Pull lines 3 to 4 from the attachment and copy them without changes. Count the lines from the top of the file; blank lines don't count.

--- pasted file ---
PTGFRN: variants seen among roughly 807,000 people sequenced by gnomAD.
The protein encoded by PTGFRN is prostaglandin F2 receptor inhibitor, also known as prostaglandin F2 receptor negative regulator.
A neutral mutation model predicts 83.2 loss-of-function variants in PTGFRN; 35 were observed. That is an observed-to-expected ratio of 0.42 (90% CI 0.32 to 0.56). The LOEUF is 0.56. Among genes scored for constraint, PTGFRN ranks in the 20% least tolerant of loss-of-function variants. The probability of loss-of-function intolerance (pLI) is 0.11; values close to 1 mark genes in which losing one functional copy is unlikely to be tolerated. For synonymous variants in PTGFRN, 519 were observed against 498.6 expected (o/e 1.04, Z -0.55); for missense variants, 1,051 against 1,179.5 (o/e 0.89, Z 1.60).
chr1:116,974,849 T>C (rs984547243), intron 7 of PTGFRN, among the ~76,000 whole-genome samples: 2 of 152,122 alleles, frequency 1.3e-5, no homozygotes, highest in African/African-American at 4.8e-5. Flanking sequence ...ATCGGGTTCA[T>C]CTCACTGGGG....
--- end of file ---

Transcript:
A neutral mutation model predicts 83.2 loss-of-function variants in PTGFRN; 35 were observed. That is an observed-to-expected ratio of 0.42 (90% CI 0.32 to 0.56). The LOEUF is 0.56. Among genes scored for constraint, PTGFRN ranks in the 20% least tolerant of loss-of-function variants. The probability of loss-of-function intolerance (pLI) is 0.11; values close to 1 mark genes in which losing one functional copy is unlikely to be tolerated. For synonymous variants in PTGFRN, 519 were observed against 498.6 expected (o/e 1.04, Z -0.55); for missense variants, 1,051 against 1,179.5 (o/e 0.89, Z 1.60).
chr1:116,974,849 T>C (rs984547243), intron 7 of PTGFRN, among the ~76,000 whole-genome samples: 2 of 152,122 alleles, frequency 1.3e-5, no homozygotes, highest in African/African-American at 4.8e-5. Flanking sequence ...ATCGGGTTCA[T>C]CTCACTGGGG....